I’m dreaming. I am in my old life, the life that no longer exists. I am married and I have a daughter, although in the dream she is young and not an adult. And things are going wrong. We are in the midst of a large group of scientists and my husband is ignoring me. Worse yet, he is oblivious to me; he’s discussing a travel adventure with an Italian and a Swiss scientist – they are going to fly above the Alps in a hot air balloon. And he is taking my daughter, a mere six-year-old, along. I have a terrible premonition of disaster: something will happen and I will lose them. And I am shouting, shouting at my husband to stop but I cannot hear a single sound coming out of my mouth. Now I am screaming at the top of my voice. Nothing. My whole body is contorted in the effort to scream. But I cannot utter a single sound, let alone the scream that fills my chest to the point of bursting. I am voiceless.
I wake up in a cold sweat, terrified, and breathe slowly to calm myself, my mind still on the vivid details of my harrowing dream.
I have come to dread my nights. I’ve had nightmares before: falling from great heights, drowning in swelling water, and freezing in my tracks in the face of imminent danger. But dreaming about being voiceless is the most painful dream that I’ve had so far.
Night has set in Bessay, and I am dreaming again. I find myself in a land that I do not recognize. The strangers around me are speaking singsong Portuguese, and I think that, perhaps, I am in Brazil. And there is Dan, my husband, again, with his arm around the shoulders of my six-year-old. We are in a large auditorium and he is addressing the audience in fluent Portuguese. My little girl sits in the front row. I am all the way in the back, next to the emergency doors. Every so often, Dan glances in her direction with a smile on his face, and winks. I know—even though I don’t speak the language—that he is telling the audience that this is his daughter, sitting right there up in front. And then my dream changes course abruptly, as dreams are wont to do. We are at Elk Falls National Park near Vancouver. Cleaving the forested park in two is a deep ravine, with a suspension bridge stretching perilously between the two sides. There are masses of people swarming around. The flimsy bridge is packed with adults and children crossing or pausing to stare at the waterfalls cascading down the ravine, hundreds of meters below. My husband and daughter cross it in an instant. I follow and freeze. I have taken all of three steps. A feeling of terror sweeps over me when I see the endless depths beneath me. I cannot move forward but I cannot go back. I cannot take the three steps back to safety. And I scream. I am screaming out to my husband to help me. I am screaming at the top of my voice to anyone to help me. But all I hear is a gurgling sound coming out of my mouth. My whole body has twisted itself in an effort to give voice to the silent scream. And then, swaying there in terror, I realize that I am mute. I am a mute; I have always been mute. I have never uttered a sound, let alone a word or sentence, in my entire life.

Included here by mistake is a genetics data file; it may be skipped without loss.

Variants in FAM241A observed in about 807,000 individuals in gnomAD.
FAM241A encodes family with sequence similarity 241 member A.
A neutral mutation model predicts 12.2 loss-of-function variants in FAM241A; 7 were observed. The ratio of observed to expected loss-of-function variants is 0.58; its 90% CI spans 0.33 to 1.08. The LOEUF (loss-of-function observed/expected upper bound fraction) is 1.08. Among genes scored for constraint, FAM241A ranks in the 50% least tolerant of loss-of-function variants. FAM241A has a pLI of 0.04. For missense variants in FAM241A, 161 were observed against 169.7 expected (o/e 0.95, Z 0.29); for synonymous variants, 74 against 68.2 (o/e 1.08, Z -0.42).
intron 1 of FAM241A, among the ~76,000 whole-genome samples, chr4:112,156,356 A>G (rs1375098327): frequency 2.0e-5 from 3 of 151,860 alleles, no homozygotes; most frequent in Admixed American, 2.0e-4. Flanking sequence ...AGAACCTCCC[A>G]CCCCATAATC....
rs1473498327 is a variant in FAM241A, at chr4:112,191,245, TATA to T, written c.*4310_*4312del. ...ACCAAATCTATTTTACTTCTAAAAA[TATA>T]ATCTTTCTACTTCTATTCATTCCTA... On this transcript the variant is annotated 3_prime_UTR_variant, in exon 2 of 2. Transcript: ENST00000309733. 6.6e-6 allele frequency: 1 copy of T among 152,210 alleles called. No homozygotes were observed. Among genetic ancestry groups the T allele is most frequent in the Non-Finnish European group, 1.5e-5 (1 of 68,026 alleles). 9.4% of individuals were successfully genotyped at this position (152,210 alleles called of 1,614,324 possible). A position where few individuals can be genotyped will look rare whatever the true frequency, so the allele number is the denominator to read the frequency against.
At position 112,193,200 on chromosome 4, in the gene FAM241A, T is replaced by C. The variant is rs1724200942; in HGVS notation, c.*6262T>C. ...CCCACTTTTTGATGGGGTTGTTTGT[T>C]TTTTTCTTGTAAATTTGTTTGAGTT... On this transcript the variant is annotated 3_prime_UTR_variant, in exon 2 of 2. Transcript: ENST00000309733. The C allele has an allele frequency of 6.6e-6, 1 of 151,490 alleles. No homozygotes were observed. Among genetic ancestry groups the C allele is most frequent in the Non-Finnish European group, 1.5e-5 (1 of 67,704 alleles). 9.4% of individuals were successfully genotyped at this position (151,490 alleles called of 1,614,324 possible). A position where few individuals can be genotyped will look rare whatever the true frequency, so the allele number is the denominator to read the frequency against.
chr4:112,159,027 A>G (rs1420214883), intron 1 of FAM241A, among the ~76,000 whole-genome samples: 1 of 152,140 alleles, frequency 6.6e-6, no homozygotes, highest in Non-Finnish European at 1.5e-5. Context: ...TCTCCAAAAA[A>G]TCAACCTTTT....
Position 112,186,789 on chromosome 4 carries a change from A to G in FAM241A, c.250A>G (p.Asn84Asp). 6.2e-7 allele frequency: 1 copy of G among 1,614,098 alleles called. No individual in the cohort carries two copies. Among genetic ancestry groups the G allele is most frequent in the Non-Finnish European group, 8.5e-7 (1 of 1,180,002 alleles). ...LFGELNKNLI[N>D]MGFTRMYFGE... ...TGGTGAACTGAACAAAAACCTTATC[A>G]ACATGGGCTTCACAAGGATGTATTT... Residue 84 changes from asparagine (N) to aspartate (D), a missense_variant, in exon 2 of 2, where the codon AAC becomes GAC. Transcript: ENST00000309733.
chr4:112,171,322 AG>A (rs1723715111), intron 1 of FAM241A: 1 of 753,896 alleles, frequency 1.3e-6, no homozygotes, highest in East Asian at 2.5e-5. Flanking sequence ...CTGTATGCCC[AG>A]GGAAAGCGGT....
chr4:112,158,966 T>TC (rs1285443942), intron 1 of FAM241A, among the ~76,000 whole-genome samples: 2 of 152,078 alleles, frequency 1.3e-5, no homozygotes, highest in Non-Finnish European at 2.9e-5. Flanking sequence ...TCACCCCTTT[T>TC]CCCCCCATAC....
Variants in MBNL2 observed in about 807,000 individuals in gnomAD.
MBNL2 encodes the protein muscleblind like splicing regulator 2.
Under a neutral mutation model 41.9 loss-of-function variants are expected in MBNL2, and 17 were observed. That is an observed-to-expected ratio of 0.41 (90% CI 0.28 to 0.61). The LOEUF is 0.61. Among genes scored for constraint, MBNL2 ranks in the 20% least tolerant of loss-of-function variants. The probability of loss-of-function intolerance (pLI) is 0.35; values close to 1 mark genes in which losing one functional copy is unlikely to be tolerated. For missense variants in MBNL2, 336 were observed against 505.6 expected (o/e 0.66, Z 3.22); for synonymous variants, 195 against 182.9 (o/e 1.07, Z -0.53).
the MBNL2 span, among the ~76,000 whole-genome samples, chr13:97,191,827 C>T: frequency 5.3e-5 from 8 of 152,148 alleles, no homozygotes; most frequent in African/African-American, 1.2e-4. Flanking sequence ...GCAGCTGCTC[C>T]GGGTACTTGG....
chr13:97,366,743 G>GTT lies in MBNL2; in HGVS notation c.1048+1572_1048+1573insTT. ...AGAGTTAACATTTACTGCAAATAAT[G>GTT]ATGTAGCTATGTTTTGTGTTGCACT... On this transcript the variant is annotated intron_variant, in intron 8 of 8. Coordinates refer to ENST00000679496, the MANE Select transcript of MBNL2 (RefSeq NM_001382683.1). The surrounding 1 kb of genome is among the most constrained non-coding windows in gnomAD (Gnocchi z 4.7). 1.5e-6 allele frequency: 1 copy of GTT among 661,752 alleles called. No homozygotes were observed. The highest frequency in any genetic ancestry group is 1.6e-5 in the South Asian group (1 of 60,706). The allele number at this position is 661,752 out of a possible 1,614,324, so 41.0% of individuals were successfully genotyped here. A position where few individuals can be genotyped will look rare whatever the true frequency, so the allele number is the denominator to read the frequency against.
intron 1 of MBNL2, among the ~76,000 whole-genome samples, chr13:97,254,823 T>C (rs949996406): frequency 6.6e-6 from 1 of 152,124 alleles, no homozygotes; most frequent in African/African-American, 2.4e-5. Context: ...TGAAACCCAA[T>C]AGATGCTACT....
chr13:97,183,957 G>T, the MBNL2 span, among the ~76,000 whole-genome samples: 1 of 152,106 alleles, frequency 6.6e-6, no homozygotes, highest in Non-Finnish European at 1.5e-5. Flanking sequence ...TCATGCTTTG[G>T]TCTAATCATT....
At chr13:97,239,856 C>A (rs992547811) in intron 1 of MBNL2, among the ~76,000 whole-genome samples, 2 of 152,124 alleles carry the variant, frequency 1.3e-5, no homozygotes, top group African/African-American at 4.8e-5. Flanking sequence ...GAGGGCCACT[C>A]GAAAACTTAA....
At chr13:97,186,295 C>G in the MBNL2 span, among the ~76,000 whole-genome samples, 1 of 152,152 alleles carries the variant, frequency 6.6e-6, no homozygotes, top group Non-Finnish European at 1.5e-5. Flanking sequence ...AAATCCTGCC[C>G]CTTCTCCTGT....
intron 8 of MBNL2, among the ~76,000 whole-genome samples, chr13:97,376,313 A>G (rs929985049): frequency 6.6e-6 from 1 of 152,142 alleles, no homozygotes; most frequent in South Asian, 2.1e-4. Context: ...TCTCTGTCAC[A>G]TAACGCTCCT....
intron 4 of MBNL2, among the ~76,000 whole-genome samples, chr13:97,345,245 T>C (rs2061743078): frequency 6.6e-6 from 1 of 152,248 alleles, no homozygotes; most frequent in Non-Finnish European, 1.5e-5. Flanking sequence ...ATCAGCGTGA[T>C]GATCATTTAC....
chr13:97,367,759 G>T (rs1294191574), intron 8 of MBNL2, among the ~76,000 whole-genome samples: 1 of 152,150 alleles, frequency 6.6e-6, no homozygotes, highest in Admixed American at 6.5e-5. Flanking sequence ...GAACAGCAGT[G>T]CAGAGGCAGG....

And with that soundless howl I wake up.
I want to speak. I have so much to say – so much catching up on to do. A whole lifetime of silence: I want to give voice to that life. I want someone out there to hear me, someone to listen to me.
I stand in front of my mirror and pretend to speak, imitating the facial expressions of speech. I am mimicking actual speech. My reflection is grotesque, but I keep on going. I practice and practice. I am determined to make myself heard at this late age, before I die. And it is so odd, this condition of selective mutism I suffer from, because I “speak” four languages: English, French, German, and Serbian. I can read books and watch movies in the four languages I acquired as my family moved from one country to another. But I never spoke. My parents gave up on me long ago, when I was just a child. I was sent to special schools. No one could do anything to improve my condition, and so my parents desisted from further efforts. I became sort of an appendage in the family, pushed aside as somewhat of an embarrassment, the way many families try to hide a child suffering from physical or mental handicaps.
I go to bed early, exhausted by my mimicking efforts, dreading the nightmare that lies ahead. And I am on the suspension bridge again. I know the dreadful sequence of events that lies ahead: the fear of heights and the silent scream to come. And as I take the three steps into groundlessness, I think: I cannot bear this anymore. I slip under the loose mesh of the handrails and jump. I am plunging through the vast expanse of nothingness, down, down, down into the bottomless ravine. My movements are gracious, like the movements of a ballet dancer. I twirl and swoop down, and then I glide back upward through the ethereal expanse like a bird in flight. All is lightness and grace. And I am not screaming. This time I am singing – singing at the top of my voice, my voice light and mellow, flowing from the very pit of my being. And I am singing my life into song.
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